Impacted Wisdom Teeth
Wisdom teeth are the third molars and often become impacted as they don't begin to erupt until the late teens or early 20s. By this stage the jaws have already stopped growing and many people don't have sufficient room to accommodate these teeth. By the time they are ready to erupt this is often insufficient space for them to come through normally. As a result they may try to erupt horizontally or will try to push up underneath adjacent teeth. Sometimes they will partially erupt or they may remain hidden underneath your gums.
Diagnosing an Impacted Wisdom Tooth
Your dentist will have been keeping an eye on the development of your wisdom teeth through regular dental x-rays and will probably already have a good idea as to whether or not they will be impacted. If you haven't visited a dentist for a while and think your wisdom teeth are trying to push through your gums then you may experience sudden symptoms that indicate something isn't quite right. These symptoms can include:
Feeling pain or tenderness in the gums, or your gums might look swollen or red
You might develop bad breath or you'll notice an unpleasant taste especially when you bite down on the affected area
It's possible your lymph nodes might become swollen, and you may even notice you have difficulty opening your mouth
A partially erupted wisdom tooth may become infected or decayed as it will be partly covered by a flap of gum tissue making the area very difficult to keep clean especially as it's right at the back of the mouth. This can result in an infection called pericoronitis developing which is similar to gum disease. It's possible that your dentist might be able to clear up this condition but it may recur in which case the affected tooth will need to be extracted.
Straightforward wisdom teeth extractions can usually be carried out by your dentist under local anaesthetic, but sometimes they may choose to refer you to an oral surgeon. If the wisdom tooth is embedded in the jawbone then it may be necessary to remove some of the bone covering up the tooth, and sometimes the tooth will be extracted in several different sections to minimise the incision required. In this case extra sedation may be required.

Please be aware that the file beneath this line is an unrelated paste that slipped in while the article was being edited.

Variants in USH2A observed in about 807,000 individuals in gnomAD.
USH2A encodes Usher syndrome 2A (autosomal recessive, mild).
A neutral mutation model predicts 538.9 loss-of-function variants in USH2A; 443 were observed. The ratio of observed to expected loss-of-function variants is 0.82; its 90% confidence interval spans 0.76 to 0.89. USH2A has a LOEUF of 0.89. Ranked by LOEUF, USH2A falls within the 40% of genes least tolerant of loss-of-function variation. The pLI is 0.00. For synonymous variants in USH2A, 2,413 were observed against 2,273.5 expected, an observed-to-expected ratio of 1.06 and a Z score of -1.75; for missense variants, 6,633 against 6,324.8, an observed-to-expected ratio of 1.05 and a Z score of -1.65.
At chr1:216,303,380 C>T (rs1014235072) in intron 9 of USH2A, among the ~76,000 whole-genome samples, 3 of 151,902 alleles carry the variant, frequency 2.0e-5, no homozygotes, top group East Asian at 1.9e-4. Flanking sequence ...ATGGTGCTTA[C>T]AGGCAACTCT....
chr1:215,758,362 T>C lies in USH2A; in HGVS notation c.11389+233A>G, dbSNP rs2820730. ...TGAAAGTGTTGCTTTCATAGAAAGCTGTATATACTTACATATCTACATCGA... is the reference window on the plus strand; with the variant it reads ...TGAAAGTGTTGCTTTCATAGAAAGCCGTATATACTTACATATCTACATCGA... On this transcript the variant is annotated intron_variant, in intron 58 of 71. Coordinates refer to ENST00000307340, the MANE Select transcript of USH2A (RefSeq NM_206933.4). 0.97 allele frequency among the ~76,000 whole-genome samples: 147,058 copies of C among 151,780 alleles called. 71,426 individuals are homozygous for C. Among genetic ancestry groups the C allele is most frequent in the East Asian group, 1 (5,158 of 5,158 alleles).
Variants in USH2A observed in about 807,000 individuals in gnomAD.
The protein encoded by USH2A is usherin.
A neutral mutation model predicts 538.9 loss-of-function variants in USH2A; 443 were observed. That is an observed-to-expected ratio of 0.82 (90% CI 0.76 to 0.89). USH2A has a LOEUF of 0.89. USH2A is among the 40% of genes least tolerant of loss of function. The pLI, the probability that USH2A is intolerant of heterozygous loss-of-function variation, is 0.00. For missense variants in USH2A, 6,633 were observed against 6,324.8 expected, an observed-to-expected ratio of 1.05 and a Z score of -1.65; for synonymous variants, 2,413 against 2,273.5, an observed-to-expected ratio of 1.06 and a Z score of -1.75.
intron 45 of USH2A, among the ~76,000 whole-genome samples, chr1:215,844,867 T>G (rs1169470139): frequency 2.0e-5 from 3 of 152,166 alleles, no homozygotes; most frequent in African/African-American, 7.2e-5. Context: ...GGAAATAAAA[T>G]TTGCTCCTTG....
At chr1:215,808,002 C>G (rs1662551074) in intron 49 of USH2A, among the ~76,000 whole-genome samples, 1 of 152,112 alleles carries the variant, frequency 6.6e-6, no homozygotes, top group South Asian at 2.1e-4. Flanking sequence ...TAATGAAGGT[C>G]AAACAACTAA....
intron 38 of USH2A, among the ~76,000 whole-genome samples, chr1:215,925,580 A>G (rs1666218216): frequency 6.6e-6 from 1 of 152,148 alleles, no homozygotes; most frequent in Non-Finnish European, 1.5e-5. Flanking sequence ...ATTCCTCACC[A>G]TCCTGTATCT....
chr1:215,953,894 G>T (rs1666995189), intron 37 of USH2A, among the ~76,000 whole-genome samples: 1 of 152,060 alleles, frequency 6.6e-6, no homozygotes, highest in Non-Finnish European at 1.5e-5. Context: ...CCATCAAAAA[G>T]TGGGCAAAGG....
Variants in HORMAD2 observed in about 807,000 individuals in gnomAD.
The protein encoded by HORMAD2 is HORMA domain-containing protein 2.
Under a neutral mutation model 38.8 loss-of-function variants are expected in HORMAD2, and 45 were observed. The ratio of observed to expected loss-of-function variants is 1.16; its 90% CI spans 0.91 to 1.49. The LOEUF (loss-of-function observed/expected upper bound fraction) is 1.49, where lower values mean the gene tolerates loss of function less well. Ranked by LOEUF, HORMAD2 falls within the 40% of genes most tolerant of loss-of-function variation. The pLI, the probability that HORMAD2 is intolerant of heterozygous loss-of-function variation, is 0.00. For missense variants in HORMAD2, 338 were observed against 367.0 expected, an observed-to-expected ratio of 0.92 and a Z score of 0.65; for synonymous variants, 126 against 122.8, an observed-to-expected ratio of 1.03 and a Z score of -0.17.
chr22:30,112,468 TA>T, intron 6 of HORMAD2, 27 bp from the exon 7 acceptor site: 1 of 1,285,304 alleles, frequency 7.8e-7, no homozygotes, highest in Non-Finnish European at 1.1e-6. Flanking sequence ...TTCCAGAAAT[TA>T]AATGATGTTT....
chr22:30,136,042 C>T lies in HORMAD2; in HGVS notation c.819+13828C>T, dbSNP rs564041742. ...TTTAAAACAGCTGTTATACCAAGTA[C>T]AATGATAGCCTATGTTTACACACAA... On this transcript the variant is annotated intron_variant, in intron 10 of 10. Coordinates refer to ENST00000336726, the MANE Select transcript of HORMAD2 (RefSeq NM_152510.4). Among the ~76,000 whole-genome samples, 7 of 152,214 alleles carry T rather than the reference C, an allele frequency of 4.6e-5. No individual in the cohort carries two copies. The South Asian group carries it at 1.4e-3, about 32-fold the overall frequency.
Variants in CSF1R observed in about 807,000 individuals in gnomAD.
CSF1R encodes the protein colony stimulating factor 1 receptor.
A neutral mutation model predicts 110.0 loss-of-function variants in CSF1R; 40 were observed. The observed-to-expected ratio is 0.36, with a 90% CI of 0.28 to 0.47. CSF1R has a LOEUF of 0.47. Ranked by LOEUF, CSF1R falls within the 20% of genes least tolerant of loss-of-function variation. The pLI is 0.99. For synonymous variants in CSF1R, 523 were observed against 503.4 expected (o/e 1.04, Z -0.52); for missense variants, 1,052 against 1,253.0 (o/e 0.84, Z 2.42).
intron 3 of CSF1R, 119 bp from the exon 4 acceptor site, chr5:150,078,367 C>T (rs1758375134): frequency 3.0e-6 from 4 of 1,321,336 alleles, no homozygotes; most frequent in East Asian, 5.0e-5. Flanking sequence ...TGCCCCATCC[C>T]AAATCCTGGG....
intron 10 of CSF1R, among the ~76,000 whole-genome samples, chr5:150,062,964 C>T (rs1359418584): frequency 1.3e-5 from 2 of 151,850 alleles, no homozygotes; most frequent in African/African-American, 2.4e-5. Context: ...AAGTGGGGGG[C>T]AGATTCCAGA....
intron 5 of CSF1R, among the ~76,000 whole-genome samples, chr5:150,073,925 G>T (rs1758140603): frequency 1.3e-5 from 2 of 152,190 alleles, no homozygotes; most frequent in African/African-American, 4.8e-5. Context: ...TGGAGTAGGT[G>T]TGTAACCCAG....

What to Expect after Wisdom Tooth Extraction
Recovery after wisdom tooth extraction should be straightforward, but it's possible that some bleeding may occur several hours after the extraction took place, or that your face begins to look slightly swollen around the area of the extraction. Your dentist will have advised you on the use of pain medication, and if your wisdom tooth was infected it's possible you might have been prescribed antibiotics which should be taken until the prescription is completely finished. You might want to stick to eating soft foods for a few days, but you should continue to brush your teeth as normal although you will need to be careful near the site of the extraction. It's best to avoid using mouthwash as this might irritate the extraction site.
Once the wisdom tooth is removed a blood clot will form in the empty socket, and it's important to take care not to dislodge the blood clot as this helps to aid healing. If the blood clot does become dislodged then a condition called dry socket can develop. This will only happen in a tiny percentage of the tooth extractions but will require extra treatment to clean out the socket and to protect it with dressings.
How Much Does Wisdom Tooth Extraction Cost?
The cost of a wisdom tooth extraction depends on the difficulty of the surgical procedure and the type of anaesthesia and sedation required.